An interesting exploration on how the public views non-profits (generally in a negative light) and how public policy makes the work that many charitabAn interesting exploration on how the public views non-profits (generally in a negative light) and how public policy makes the work that many charitable organizations do harder. It does give some ideas on what can be done about it, and for that I gave it an extra star, but the book gets muddled on minor details it would do better to explain and move on from, but instead, gives example after example, without adding much to the argument....more
Alright, but let us face the reality, this is just an essay you can read online for free, and get to its core argument and save yourself several hoursAlright, but let us face the reality, this is just an essay you can read online for free, and get to its core argument and save yourself several hours and several dollars. Still, the padding is comfy and interesting, so I do not think you have to avoid it completely....more
An important read on multiple levels, the book summarizes the coming changes in AI and other automated processes, which will replace the need for humaAn important read on multiple levels, the book summarizes the coming changes in AI and other automated processes, which will replace the need for human intervention, thus eliminating millions of unskilled jobs from the employment pool. They start out discussing the state of such technology, incorporating the usual Moore's law arguments, which have held true for the better part of the past five decades, and examining the impact on labor, showing the decline for certain jobs (usually unskilled labor, but interestingly enough, skilled middle labor, such as administrators and clerks,) usually those types of jobs that require repetitive tasks, are labor intensive, or take a lot of focus. Everything from trucking to admin assistants will slowly be replaced by far more accurate and versatile machines. The writers then go on to explain their historical analogy, using horses as their example, where there was a time when horses used to be the most important part of any labor process, and were quickly replaced by machines, which were cheaper, more reliable, took less maintenance, and increase output. Soon, human employees will be replaced by computers, in all fields, and will find themselves equally obsolete. The writers try to wrap the discussion up by moving away from the common doom and gloom scenarios posited by many of their contemporaries, and instead try to envision another way to think through the issue, suggesting many solutions, including changes to education and government reforms, as well as social reforms that put people in charge of the digital revolution, instead of making them victims to it....more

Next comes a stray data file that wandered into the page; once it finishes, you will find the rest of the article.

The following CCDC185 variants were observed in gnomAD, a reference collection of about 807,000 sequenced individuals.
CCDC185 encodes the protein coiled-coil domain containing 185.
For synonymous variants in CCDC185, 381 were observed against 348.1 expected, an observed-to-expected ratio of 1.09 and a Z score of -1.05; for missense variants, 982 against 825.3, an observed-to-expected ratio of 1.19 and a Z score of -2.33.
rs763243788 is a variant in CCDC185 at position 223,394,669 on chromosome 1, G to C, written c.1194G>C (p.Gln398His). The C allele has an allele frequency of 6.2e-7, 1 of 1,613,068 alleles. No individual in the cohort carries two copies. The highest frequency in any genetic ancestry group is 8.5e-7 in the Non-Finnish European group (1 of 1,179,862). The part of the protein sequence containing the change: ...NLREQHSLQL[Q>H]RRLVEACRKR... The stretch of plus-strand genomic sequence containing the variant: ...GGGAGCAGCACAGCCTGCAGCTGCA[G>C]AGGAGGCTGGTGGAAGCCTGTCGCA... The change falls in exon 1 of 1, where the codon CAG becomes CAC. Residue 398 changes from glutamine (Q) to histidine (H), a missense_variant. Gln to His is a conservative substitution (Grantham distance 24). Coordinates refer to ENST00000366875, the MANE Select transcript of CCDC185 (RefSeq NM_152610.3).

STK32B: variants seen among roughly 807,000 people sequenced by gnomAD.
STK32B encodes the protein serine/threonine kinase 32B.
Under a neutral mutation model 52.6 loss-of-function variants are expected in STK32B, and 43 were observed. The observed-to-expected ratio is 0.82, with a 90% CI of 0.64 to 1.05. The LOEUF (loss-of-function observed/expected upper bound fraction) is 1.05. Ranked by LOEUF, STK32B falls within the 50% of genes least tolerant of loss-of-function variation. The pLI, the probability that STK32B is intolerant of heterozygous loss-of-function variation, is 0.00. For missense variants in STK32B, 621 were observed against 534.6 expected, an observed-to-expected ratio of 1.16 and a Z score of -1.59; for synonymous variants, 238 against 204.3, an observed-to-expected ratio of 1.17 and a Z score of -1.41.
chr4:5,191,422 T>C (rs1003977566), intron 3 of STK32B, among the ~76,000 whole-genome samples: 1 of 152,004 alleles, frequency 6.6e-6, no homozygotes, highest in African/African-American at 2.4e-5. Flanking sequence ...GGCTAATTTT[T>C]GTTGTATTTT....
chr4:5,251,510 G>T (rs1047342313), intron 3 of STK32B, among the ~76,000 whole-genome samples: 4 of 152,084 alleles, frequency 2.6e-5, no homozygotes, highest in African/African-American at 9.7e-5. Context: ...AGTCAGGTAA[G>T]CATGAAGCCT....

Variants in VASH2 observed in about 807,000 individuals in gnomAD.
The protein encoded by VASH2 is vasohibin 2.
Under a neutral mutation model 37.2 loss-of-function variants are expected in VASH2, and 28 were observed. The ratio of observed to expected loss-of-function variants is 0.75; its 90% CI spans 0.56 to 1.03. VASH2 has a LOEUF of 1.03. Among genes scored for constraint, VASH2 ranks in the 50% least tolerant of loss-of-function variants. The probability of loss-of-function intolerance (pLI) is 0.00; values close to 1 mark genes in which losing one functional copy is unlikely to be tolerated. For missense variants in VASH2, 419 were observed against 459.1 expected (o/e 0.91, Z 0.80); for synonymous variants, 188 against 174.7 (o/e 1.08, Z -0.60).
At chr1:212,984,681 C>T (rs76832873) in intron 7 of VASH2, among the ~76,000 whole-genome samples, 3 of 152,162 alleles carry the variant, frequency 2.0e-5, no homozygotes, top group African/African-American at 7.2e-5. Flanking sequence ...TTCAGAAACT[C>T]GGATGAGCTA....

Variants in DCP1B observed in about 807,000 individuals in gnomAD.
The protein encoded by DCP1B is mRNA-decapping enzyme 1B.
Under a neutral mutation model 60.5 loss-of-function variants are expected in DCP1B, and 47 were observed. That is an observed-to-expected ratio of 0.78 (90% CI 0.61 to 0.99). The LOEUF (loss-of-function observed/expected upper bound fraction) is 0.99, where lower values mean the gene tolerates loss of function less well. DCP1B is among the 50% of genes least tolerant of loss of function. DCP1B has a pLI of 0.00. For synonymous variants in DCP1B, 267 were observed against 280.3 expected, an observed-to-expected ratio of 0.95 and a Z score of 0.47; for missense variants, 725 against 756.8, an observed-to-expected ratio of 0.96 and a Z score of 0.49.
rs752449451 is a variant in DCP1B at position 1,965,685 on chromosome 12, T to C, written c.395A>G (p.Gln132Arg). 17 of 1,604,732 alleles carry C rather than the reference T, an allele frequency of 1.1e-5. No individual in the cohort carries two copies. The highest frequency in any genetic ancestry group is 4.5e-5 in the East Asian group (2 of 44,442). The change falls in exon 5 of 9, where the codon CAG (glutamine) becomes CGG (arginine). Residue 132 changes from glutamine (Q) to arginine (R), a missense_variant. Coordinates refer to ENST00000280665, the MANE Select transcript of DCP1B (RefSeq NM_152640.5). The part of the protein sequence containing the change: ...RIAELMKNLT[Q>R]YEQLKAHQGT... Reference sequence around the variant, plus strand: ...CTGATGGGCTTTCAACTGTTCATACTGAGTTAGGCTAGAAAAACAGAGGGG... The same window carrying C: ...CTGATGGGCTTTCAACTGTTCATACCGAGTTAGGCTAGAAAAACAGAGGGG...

Back when I was a roundish pre-teenager, one of my favorite subject matters was the paranormal. A fascination helped along by some anonymous individuaBack when I was a roundish pre-teenager, one of my favorite subject matters was the paranormal. A fascination helped along by some anonymous individual at the Middletown library who used their position to gather the largest public collection of paranormal related books available anywhere else that I could think of. I slurped up book after book on every wackadoo, and less then wackadoo subject you could or would imagine. UFOs, contactees, abductions, ancient civilizations, new world orders, MIBs, psi, ghosts, the list goes on and on. I could have written for the first couple of seasons of the X-Files by the time I was thirteen. After awhile, I turned away from most of that stuff, finding nothing new, little proven or exposed, and too much nonsense to keep me interested. The last book I remember before I put down most of my paranormal studies for good was [Mind Trek:] by Joseph McMoneagle. I was impressed by the subject material, but found it too outlandish to be claimed without any scientific backing for the methods used to explore them. Finished for, what I thought, was good, I put the book back on the shelf and picked up a copy of [Chaos Theory:] by James Gleick, and didn't look back.
Recently, on a mind hack adventure, I found myself reading in and around the subject of remote viewing (RV: the act of viewing details of a place and time where the viewer is not currently located). At the time, a lot of my studies were into consciousness and its nature, and the past 50 years of brain research. I decided to dive into the subject again, more as intellectual curiosity, then anything else.
The book is more of a military memoir then a psychic one. It follows the story of Joseph McMoneagle, his early family life, which consisted of a mixture of poverty, abuse, neglect and resistance so common to many men who join the armed forces. The next couple of pages follows his fairly common rise in the ranks, to where he eventually ends up in Vietnam, suffers his first out of body experience after nearly dying, and begins to discover his gifts for visualizing and intuiting the world around him. Later, when he returns stateside, he is approached by recruiters for the famed Stargate project, in which he learns how to harness his psi potential for covert purposes.